Few of Ron Paul's supporters asked whether he was qualified to be president, which he really wasn’t.
In 2016 Donald Trump ran for president as a real estate tycoon, but that was a generous characterization. Trump’s name was plastered on high-rise towers, but he didn’t own the properties. He’d been bankrupt. Really he was a promoter, a showman, a high-level bullshitter. Trump was intelligent enough to have earned an MBA from the Wharton School and to outwit his Republican rivals in 2016, but nonetheless he was unqualified to be president.
And he was not the only such candidate. Ben Carson, who ran for the Republican nomination in 2016, was a neurosurgeon, and in this cycle Democrat Marianne Williamson was a writer of self-help books who offered to beat Trump with a campaign of “love.” Democrat Andrew Yang is an entrepreneur of modest success, and Tom Steyer is an entrepreneur of larger success, but the government is not a business.
Consider the other five Democrats who made it into the January 14 debates. Joe Biden, with a long career in the Senate and eight years as vice-president, is obviously qualified. (Comments about qualifications are not endorsements.) Amy Klobuchar has been in the Senate for 13 years and Bernie Sanders 12 years. Elizabeth Warren has been in the Senate for 7 years and before that was a professor at Harvard Law. Not bad. Pete Buttigieg, who was mayor of South Bend, Indiana, for eight years — he just stepped down — is the least qualified of the five.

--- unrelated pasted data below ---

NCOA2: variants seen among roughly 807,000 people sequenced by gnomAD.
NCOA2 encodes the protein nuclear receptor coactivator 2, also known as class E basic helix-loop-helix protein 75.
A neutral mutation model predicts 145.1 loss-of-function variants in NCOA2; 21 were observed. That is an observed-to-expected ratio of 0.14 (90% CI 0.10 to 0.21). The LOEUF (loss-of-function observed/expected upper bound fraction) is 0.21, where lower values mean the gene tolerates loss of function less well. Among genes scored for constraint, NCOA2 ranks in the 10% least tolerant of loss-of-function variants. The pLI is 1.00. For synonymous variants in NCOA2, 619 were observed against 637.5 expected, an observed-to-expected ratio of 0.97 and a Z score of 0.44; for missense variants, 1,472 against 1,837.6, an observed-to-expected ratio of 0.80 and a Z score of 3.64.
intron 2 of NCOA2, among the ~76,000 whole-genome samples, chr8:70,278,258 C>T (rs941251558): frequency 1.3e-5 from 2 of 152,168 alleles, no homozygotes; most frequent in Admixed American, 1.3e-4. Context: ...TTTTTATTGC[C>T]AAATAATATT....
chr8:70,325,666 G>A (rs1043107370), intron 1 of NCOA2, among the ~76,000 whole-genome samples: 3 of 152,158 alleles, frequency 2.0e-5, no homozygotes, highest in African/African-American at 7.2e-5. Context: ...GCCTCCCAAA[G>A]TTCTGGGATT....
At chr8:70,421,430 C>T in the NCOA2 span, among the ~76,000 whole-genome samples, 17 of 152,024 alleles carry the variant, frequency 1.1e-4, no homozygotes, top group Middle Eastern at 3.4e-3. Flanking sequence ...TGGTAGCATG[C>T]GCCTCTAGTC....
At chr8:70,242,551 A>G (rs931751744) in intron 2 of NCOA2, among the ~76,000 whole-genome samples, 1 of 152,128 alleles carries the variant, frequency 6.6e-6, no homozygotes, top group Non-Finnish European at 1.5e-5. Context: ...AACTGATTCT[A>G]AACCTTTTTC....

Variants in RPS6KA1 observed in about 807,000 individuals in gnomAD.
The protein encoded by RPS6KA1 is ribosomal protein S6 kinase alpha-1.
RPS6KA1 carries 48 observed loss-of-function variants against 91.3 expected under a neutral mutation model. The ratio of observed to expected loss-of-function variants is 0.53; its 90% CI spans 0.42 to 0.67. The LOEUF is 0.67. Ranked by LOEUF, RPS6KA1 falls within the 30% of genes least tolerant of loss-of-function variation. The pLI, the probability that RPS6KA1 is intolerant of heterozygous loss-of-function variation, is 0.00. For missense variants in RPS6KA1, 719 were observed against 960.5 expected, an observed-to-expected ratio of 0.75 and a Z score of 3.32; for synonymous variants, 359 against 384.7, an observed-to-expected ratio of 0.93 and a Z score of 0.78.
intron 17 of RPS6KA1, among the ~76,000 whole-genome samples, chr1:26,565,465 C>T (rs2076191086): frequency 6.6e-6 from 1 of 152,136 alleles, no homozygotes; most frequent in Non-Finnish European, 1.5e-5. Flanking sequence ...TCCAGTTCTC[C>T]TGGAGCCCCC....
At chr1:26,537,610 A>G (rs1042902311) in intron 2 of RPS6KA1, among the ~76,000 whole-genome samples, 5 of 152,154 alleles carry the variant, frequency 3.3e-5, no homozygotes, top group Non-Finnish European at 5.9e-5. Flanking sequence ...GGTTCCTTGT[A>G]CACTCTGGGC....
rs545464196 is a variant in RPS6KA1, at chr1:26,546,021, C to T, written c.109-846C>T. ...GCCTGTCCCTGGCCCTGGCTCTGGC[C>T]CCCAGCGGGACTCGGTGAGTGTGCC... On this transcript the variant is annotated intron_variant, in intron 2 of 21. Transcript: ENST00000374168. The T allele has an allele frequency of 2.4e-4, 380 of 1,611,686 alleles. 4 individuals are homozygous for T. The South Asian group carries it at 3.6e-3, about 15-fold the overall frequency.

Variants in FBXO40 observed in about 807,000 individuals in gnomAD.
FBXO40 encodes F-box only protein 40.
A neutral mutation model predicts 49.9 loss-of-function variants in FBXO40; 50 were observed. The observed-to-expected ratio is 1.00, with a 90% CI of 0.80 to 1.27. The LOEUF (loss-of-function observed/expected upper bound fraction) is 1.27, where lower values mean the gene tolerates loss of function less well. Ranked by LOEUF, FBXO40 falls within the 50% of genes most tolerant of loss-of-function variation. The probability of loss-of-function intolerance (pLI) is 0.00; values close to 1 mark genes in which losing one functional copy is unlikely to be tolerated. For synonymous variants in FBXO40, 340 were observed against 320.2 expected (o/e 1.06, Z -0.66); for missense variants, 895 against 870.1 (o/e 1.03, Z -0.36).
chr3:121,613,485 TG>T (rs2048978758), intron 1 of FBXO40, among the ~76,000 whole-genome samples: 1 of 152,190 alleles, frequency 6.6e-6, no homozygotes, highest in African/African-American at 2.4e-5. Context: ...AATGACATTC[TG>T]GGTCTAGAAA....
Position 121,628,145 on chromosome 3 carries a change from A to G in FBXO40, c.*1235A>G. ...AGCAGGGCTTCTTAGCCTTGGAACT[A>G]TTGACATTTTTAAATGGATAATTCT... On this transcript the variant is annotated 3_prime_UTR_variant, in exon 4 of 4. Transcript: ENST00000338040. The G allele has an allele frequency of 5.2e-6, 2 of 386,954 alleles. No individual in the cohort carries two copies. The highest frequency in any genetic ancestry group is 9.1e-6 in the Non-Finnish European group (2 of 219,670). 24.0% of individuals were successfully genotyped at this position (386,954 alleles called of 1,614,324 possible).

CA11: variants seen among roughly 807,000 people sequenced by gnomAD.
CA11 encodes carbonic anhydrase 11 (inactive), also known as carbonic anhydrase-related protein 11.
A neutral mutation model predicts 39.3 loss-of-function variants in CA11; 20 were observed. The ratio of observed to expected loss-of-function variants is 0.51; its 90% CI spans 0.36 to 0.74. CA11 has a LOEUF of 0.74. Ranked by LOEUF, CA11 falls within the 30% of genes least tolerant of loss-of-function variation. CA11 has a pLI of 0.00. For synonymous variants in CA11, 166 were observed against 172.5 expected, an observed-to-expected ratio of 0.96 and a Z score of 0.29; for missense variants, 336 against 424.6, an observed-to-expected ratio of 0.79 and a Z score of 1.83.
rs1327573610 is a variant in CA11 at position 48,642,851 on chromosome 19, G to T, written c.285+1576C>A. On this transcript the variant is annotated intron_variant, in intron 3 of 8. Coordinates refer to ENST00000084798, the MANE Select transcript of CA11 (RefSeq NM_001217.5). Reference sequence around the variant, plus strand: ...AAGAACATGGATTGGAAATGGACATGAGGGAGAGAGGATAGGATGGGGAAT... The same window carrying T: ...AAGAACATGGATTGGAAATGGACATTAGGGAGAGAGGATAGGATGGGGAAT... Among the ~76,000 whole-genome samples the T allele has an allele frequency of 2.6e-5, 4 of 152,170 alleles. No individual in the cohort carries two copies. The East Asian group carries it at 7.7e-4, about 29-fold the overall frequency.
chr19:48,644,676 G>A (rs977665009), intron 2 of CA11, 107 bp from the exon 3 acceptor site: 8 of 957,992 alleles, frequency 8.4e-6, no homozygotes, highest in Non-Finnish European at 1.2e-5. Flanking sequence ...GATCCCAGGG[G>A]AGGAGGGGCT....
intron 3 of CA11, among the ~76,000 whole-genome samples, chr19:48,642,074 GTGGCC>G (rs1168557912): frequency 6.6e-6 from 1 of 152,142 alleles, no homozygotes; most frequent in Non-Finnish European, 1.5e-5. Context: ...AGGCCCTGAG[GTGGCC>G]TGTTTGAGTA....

Donald Trump ran for president as a real estate tycoon, but that was a generous characterization. Really he was a promoter, a showman, a high-level bullshitter.
Now to age. In today’s America we are constrained not to say anyone is too old to do anything, even to be president of the United States. It’s “ageist.” Well, to hell with that. I’m 68 years old, and I freely admit that I’m too old to do a whole bunch of things. President of the United States is a taxing job. Twelve years of it killed Franklin Roosevelt, and eight years of it visibly aged Bill Clinton.
Until the election of Donald Trump, America’s oldest president was Ronald Reagan, who in 1981 was inaugurated a couple of weeks before turning 70. I saw Reagan up close in 1984, when he was 73, and he looked terrible. He served for almost five more years, but was visibly in decline by the time he left office.